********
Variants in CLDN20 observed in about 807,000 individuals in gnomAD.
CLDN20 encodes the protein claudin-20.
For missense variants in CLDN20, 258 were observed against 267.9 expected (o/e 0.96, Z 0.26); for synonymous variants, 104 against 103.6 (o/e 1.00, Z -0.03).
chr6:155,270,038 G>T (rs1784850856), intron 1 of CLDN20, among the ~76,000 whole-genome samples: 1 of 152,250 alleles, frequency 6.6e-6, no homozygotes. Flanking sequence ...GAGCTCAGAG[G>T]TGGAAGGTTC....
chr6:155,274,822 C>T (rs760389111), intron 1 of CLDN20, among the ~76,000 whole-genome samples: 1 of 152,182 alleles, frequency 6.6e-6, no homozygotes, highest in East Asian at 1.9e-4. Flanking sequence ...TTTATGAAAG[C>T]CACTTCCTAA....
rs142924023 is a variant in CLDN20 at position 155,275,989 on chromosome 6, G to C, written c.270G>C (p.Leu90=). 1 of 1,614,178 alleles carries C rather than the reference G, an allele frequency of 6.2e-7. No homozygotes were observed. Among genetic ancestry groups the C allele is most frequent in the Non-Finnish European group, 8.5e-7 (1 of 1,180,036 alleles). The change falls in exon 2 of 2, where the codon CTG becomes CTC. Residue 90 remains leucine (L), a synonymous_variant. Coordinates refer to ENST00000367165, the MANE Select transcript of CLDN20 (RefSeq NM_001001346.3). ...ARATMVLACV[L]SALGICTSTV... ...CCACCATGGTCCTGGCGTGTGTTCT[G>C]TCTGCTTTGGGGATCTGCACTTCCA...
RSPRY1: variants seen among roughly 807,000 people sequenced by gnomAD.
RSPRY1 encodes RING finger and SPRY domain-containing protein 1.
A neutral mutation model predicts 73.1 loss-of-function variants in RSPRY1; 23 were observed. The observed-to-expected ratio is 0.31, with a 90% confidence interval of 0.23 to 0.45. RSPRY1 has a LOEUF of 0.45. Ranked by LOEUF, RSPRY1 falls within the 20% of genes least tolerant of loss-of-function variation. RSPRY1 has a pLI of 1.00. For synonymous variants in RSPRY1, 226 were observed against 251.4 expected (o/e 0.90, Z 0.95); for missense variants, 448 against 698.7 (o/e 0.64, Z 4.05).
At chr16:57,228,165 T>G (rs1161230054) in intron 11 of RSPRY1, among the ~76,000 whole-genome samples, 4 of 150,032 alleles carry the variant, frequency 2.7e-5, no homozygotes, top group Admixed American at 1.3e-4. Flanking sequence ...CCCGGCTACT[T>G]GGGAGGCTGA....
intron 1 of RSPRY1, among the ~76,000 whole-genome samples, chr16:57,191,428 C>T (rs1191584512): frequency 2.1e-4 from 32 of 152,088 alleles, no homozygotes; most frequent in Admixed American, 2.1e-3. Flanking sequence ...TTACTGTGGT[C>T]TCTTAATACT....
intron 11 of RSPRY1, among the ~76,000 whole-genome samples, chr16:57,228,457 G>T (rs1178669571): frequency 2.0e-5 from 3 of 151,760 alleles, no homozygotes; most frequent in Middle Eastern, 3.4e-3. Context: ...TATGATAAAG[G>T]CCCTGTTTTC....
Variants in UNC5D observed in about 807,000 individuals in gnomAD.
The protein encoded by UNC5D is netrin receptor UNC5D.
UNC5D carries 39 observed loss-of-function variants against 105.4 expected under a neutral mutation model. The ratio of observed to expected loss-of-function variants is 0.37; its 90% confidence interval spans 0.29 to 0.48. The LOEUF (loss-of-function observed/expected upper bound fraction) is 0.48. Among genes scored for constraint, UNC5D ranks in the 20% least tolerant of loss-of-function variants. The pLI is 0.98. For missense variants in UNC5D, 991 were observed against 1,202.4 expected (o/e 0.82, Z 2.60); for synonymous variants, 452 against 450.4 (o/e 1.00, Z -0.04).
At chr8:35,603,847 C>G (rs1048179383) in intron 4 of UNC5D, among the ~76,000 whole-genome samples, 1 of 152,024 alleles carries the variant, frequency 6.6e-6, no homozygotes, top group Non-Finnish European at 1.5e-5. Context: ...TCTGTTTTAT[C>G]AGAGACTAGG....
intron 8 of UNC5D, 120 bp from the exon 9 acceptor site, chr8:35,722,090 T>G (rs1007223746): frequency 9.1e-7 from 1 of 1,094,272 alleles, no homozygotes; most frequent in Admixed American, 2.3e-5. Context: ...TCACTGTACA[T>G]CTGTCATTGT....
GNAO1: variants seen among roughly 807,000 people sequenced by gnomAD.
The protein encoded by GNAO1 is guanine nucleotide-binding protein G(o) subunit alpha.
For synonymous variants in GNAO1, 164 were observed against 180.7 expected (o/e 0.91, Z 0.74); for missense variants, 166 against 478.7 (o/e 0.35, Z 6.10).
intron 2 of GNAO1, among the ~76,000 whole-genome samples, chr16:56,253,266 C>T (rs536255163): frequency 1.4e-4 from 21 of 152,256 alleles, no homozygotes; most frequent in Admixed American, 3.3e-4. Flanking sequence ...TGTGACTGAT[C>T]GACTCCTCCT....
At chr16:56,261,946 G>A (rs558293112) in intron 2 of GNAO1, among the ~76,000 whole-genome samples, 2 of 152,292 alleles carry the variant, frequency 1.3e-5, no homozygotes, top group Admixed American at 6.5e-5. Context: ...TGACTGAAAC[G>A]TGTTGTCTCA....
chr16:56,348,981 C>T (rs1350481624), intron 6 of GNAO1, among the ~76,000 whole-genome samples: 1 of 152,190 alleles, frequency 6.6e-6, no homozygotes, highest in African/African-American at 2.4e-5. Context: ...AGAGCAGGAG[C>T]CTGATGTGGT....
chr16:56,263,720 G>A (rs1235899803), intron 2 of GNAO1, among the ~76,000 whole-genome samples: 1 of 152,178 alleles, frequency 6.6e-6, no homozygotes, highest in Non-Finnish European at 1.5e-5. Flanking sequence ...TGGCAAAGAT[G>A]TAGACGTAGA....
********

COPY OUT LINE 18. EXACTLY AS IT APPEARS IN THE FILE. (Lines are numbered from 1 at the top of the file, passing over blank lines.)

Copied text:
GNAO1: variants seen among roughly 807,000 people sequenced by gnomAD.